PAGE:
Spaces and times of liminality: Russian and Soviet expansion endeavors in the European post-Soviet realm

Authors: Márton Berki*, Eötvös Loránd University, Margit Kőszegi, Eötvös Loránd University, Géza Barta, Eötvös Loránd University, Zsolt Bottlik, Eötvös Loránd University, Tamás Illés, Eötvös Loránd University
Topics: Political Geography, Ethnic Geography, East Europe
Keywords: liminality, expansion, transformation, structure, post-Soviet
Session Type: Paper
Day: 4/7/2019
Start / End Time: 2:00 PM / 3:40 PM
Room: Washington 6, Marriott, Exhibition Level
Presentation File: No File Uploaded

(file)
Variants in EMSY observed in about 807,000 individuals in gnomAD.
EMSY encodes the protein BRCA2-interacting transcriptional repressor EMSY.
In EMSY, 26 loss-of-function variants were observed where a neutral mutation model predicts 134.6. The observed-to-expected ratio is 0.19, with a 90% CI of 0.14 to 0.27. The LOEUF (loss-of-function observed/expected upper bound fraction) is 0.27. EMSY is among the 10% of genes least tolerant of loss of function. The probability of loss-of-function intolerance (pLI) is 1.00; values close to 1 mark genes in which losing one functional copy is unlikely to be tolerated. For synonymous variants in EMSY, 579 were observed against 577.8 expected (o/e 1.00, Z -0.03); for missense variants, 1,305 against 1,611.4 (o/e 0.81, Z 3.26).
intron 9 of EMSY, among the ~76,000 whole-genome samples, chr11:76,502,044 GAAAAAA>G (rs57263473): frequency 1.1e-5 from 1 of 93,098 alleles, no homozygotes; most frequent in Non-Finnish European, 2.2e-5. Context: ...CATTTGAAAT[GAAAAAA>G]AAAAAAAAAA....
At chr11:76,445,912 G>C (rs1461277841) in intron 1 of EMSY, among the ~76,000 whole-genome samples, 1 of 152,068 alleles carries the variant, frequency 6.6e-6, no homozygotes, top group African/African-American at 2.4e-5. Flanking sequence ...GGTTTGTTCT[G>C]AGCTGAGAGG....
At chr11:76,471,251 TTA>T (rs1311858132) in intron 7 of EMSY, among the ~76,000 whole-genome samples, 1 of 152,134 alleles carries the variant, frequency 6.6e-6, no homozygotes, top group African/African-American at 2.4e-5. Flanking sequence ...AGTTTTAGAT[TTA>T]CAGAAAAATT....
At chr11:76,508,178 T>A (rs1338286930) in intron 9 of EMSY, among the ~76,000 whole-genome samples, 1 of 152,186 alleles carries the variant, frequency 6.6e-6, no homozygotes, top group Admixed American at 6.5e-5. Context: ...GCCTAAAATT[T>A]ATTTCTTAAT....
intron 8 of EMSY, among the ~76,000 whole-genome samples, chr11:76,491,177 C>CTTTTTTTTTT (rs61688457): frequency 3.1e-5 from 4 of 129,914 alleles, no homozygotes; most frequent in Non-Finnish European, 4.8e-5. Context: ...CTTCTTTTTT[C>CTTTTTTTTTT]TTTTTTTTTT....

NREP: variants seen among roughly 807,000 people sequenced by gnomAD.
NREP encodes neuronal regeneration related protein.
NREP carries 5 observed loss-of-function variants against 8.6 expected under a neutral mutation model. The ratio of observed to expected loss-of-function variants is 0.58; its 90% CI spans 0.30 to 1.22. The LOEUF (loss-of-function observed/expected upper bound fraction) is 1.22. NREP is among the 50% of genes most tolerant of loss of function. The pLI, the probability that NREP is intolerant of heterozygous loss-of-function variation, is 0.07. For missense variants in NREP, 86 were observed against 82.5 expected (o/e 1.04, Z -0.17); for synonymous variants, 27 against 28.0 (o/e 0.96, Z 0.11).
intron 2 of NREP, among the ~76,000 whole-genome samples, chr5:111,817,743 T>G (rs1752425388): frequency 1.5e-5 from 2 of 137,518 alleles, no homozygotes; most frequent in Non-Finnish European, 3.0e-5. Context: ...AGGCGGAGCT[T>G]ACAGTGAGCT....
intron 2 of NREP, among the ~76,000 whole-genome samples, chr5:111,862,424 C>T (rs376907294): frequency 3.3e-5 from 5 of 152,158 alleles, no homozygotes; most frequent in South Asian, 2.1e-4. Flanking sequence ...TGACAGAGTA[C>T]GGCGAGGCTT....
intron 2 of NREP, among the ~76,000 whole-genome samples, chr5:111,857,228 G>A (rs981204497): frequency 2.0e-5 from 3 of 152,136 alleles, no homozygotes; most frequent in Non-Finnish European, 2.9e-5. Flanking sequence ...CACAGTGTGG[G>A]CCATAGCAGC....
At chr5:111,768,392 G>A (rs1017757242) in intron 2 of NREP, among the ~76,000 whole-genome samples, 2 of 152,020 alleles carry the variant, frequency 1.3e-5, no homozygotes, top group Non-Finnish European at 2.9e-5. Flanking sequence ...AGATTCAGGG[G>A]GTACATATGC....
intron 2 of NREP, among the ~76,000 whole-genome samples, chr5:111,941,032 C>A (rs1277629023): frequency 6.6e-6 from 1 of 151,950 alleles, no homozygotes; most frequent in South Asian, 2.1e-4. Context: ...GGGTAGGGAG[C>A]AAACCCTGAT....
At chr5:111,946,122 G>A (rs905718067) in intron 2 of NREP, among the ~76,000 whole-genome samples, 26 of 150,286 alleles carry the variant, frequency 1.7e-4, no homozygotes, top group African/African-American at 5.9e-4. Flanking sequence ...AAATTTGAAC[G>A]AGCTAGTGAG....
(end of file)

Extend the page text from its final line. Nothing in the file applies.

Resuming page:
Based on the concept of liminality, our paper focuses on societal transformations brought about by Russian/Soviet expansion endeavors in various areas of the European post-Soviet realm. The notion of liminality, originally elaborated by Arnold van Gennep and subsequently expanded by Victor Turner, denotes transitions (‘threshold’ situations) during which social hierarchies temporarily dissolve, the continuity of prior traditions are questioned, and formerly fix structures become uncertain. During these periods, the dissolution of order evokes ambiguous, fluid and malleable situations that enable the establishment of another fix structure. With the help of this concept, we examine liminal periods which triggered all-encompassing transformations in the areas affected by the expansion endeavors of Russian/Soviet power. Concerning their impacts, we identify four liminal time periods that are discussed on the example of the affected nations and their respective territories and agency. First, we provide an overview of the liminality experienced by Crimean Tatar communities as a result of the 18th century Russian expansion towards the Black Sea. After that, on the example of Chechens, we describe liminality in the Caucasian region that was generated by the Soviet socialist state, the successor of the Tsarist Empire. Following that, the politico-economic transition of the late-20th century created an opportunity to leave the liminality of the Soviet era behind, which is discussed in the context of the changes taking place in the Baltic states. Lastly, by exploring the background of the current situation in Ukraine, reflections are made on the external factors of prolonged liminality in Ukrainian society.

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